UNITED AGAINST THE PPP

With just about six weeks to go before Guyanese vote for a new government, opposition parties are ratcheting up attacks on the governing People’s Progressive Party (PPP) for alleged blatant use of state resources including the use of government trucks to transport supporters to rallies, timing house-lot allocations to coincide with rallies and for an unrelenting total control of state television and radio channels.

At two previous rallies in the capital, Georgetown and on the southeastern coast in Berbice country this month, opposition parties were forced to speak out against the use of sugar industry trucks to transport supporters to swell crowds and the party’s continuing dominance of state television NCN-11.

The parties say they were insulted by an NCN announcement in the past week that it is willing to give each party running in the Nov. 28 general elections five minutes of free air-time, providing they submit the DVDs and scripts for scrutiny a full 48 hours in advance.

This move is not necessarily a worry for the PPP as its top brass are continuously allowed to use it to spew government propaganda and extol the virtues of government policies over the past five years.

The opposition has since commenced a picketing exercise in front of NCN to push it to give all parties — at least those in the last parliament, equal and free air-time to level the playing field.

At a PPP rally in the bauxite mining town of Linden on Sunday, the party hired private trucks, heavy duty and mini buses to take supporters at a rally attended by no more than 2,500 supporters, including those who were taken to the area, 65 miles south of the city.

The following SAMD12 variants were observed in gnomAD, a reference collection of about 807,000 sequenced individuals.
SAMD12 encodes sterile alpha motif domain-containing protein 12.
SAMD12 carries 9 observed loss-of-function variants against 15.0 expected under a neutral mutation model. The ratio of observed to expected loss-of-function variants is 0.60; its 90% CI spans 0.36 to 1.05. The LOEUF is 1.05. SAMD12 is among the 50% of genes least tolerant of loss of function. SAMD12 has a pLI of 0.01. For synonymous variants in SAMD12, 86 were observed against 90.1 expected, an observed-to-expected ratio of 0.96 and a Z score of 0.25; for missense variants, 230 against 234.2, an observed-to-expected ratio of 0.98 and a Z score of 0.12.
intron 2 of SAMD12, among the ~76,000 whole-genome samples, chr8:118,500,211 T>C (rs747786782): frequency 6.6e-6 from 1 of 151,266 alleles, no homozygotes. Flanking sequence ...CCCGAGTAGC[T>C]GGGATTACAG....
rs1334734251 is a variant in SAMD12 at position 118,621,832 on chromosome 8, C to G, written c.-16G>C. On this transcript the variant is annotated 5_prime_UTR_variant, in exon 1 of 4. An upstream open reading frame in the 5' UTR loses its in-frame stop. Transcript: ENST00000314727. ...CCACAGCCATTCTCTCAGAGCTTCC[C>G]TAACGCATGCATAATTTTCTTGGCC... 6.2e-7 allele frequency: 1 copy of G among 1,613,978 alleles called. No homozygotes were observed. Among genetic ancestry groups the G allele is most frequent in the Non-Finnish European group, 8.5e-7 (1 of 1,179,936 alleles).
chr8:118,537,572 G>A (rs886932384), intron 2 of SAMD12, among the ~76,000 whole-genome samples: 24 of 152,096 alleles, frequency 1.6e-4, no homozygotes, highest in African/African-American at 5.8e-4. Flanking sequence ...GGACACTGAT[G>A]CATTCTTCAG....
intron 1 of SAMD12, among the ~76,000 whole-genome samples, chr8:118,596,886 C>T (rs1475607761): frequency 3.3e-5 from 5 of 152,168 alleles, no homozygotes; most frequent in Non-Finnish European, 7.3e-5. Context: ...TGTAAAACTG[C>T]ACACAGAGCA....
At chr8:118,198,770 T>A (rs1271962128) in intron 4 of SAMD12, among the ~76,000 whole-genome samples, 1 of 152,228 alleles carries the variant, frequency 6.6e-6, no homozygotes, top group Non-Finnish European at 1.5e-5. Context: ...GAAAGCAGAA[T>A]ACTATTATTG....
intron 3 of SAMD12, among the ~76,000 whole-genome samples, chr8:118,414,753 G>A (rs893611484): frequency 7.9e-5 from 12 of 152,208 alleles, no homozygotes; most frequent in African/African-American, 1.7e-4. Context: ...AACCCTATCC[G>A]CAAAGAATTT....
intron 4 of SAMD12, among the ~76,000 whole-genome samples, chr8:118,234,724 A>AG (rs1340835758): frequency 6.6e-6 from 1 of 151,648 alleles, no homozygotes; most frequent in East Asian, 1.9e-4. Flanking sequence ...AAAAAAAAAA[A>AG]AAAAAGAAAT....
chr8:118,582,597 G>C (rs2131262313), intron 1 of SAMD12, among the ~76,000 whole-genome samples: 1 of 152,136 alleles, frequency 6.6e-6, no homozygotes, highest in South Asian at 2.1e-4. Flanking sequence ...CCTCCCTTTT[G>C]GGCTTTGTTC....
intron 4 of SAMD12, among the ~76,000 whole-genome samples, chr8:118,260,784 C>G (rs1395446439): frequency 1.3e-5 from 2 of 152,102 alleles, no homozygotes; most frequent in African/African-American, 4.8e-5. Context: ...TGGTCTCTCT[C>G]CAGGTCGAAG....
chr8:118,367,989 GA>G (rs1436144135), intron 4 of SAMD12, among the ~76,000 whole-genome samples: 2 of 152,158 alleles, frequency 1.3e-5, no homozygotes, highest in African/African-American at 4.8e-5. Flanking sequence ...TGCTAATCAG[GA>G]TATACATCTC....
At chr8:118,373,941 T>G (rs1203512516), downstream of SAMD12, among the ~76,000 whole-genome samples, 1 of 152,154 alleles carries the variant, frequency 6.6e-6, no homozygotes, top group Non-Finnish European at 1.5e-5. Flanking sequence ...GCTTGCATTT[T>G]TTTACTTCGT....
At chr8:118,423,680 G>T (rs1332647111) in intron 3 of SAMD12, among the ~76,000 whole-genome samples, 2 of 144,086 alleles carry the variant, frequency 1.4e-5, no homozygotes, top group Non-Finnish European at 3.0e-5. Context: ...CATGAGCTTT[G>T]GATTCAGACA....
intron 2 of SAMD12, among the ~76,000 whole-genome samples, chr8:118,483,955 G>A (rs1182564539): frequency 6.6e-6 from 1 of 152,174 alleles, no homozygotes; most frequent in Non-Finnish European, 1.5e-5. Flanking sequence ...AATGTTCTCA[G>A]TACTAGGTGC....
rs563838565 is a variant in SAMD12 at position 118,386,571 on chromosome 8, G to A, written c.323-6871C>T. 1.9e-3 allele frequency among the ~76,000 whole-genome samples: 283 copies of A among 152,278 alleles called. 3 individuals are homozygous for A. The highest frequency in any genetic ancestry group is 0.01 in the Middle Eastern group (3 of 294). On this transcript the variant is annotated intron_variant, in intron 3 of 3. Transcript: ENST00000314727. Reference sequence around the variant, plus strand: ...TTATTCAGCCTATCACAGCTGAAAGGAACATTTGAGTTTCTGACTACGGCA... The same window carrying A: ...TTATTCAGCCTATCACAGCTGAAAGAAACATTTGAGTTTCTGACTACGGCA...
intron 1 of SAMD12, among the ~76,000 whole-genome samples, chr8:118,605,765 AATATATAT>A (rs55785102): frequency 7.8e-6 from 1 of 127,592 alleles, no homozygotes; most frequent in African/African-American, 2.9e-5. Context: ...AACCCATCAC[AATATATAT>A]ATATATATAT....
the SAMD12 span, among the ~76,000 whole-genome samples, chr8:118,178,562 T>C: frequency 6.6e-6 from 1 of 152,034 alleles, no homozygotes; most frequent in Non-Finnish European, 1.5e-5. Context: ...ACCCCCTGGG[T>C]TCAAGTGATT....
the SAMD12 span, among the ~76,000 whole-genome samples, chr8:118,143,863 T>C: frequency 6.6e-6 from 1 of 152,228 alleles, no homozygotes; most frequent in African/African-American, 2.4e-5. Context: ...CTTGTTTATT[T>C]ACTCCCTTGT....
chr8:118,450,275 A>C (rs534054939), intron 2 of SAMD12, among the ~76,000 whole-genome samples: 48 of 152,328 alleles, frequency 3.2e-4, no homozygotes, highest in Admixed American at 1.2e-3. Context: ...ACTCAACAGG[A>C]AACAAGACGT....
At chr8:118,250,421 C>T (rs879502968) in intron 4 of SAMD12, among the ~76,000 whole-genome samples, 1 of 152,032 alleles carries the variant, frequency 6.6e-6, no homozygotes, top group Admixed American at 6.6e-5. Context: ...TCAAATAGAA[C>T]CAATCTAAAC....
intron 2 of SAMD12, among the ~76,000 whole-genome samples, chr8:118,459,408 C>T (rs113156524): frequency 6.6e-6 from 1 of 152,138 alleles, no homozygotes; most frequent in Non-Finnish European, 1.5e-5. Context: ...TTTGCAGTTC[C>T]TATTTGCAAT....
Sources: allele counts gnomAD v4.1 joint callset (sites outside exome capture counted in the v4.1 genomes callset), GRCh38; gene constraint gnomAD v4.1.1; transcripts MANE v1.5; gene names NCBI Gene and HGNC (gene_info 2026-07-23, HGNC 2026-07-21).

There, the PPP named Samuel Hinds, 69, prime minister since the ruling party came to power in 1992, as its candidate for the position again, as it seeks a fifth consecutive term in office.

Hours before, the Forestry Commission unveiled a communal kiln to help loggers dry timber of water sap. Its timing did not, however, go un-noticed as opposition parliamentarian Aubrey Norton indicated.

“They are just continuing to murder the resources of (the) state,” he said as the work week began. “We have video evidence of this and will let people know.”

The housing ministry, which had scheduled a house-lot distribution exercise just hours before the main opposition A Partnership For National Unity (APNU) had scheduled a major rally also in Linden last weekend, has pushed it back to this Thursday, a move Norton said has much to do with electioneering. The APNU, led by retired army commander Brig. Gen. David Granger, has said that it will also soon name its own prime ministerial candidate.

The umbrella Elections Commission, meanwhile, is expected to name a date in the coming days for parties to publish their list of candidates for the 65-seat parliament. All eyes will be on the PPP’s slate to see if outgoing President Bharrat Jagdeo will be on the list, especially after indicating that he wants to stick around and play a part in local politics.

By law, Jagdeo, who is barred from running for president a third consecutive term had pushed with all his might to ensure that protégée Donald Ramotar, 62, got the PPP’s presidential nomination.

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